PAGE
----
Packers catch the Cardinals at a good time. The red-
shirted warriors from Chicago will have their hands filled
against the Bears tonight, and then will get but 
Thursday, Friday and Saturday to rest before meeting 
the Packers. Furthermore, they are likely to encounter
a Green Bay team vigorously on the rebound from
Sunday's walloping and nothing is tougher than a team
in its next game after a defeat. Sunday's game is the
one which will tell the story. If the Packers lose, they
probably will spend the rest of the season floundering
about in attempt to stave off a second division berth, but if they win, they will remain definitely in the role of contenders for Western honors...TWO WEEKS IDLE: After facing the Cardinals at Milwaukee, they have a two weeks' vacant period in which to gird up for the October-November-December phase of the season. It will be their last open Sunday of the year. Cleveland is scheduled to appear here Oct. 13. Charley Schultz, right tackle who dislocated his leg against the Bears, is the only Packers who definitely won't be able to appear against the Cardinals, although fullback Eddie Jankowski has been bothered by a bumped shoulder and did not see action last week. Sunday will be "Buckets Goldenberg Day" in Milwaukee, when friends of the veteran Packer guard, who is having another great season, will pay tribute to his accomplishments. The committee in charge has been plugging hard, and a gift will be presented to the former Milwaukee high school player...ZIEDLER PRESENTS GIFT: Mayor Carl F. Zeidler will present the gift personally between halves of the game, and Dr. W.W. Kelly, executive board member, will represent the Packer corporation. The Cardinals will bring to Milwaukee a team which Coach Jimmy Conzelman hopes will be the best which has represented Owner Charles Bidwill's interests in years.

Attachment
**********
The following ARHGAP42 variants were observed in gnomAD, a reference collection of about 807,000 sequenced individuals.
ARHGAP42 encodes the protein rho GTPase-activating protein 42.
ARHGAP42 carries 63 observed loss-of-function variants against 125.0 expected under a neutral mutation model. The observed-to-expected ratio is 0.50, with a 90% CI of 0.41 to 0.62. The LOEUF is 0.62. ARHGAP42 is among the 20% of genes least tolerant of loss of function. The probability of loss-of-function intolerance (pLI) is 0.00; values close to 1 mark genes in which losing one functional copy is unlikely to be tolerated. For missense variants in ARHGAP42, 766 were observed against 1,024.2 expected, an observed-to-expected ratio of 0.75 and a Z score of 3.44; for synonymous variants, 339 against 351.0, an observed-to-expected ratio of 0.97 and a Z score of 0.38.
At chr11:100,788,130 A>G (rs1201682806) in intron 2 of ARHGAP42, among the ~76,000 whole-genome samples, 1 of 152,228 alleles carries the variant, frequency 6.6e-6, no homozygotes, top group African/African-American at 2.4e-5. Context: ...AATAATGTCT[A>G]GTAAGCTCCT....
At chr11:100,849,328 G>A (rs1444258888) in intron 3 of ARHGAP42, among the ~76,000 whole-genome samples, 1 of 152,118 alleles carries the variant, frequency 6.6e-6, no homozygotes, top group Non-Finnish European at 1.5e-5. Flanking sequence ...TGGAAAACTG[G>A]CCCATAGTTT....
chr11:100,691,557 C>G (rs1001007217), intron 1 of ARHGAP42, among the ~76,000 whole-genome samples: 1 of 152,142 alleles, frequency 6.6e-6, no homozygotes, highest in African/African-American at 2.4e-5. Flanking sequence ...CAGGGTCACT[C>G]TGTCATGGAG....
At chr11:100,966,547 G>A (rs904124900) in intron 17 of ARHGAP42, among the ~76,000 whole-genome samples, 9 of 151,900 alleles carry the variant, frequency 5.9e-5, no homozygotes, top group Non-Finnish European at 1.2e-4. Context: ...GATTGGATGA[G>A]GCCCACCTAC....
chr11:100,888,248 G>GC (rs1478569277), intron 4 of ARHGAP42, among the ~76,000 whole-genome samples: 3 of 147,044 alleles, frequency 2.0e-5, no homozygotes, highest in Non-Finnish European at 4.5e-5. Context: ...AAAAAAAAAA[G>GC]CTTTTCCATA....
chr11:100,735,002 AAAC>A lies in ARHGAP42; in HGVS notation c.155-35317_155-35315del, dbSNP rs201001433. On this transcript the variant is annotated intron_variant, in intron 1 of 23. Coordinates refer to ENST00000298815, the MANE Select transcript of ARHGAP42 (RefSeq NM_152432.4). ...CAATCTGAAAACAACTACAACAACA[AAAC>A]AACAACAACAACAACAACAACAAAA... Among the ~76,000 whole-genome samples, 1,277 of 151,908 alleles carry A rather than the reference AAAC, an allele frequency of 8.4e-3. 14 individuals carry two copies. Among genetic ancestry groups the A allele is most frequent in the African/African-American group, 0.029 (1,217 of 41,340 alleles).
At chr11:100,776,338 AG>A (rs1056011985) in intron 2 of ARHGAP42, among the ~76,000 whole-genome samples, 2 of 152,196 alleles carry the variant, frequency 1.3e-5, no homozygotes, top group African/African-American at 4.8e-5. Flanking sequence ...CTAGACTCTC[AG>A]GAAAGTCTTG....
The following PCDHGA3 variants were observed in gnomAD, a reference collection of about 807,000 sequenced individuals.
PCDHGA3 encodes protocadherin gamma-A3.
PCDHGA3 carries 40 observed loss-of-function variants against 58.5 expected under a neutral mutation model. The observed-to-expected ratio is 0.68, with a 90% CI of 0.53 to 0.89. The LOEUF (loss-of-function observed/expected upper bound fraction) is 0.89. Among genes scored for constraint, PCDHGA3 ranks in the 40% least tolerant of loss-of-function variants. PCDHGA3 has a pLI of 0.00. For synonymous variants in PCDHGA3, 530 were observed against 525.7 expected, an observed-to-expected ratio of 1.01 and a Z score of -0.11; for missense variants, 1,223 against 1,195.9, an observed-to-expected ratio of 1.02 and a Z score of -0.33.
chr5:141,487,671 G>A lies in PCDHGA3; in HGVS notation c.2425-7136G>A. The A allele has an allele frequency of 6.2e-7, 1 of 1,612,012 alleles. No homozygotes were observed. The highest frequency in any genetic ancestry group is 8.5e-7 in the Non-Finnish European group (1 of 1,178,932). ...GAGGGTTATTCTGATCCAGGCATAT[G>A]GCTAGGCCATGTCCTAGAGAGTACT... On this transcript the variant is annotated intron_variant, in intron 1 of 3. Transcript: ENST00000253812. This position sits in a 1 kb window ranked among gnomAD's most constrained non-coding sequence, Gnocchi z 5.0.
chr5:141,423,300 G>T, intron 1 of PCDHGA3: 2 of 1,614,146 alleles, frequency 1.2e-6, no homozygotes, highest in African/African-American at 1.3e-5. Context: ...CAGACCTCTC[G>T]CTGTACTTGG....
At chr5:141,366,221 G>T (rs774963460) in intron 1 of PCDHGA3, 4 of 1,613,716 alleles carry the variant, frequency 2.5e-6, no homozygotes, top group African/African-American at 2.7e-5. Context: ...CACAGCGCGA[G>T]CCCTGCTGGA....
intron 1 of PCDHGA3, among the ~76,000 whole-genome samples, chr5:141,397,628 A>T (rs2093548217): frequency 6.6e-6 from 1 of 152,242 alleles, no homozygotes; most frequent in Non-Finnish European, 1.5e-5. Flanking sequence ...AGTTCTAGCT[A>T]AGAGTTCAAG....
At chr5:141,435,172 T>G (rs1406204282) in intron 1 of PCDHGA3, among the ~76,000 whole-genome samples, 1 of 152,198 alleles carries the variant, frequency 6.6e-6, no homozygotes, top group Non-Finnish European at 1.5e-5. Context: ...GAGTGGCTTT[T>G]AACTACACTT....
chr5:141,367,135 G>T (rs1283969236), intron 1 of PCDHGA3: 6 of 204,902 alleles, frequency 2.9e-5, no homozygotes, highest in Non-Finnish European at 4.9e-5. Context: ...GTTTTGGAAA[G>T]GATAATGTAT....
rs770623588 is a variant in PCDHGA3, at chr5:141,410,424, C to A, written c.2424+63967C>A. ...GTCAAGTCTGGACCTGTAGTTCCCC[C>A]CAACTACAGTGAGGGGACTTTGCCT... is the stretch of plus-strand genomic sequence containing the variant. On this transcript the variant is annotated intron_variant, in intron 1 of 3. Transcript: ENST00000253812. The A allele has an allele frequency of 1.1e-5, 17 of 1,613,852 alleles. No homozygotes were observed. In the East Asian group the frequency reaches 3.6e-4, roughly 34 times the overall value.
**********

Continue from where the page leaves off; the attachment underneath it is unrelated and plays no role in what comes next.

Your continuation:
LOOKING UP IN THE REALM OF SPORTS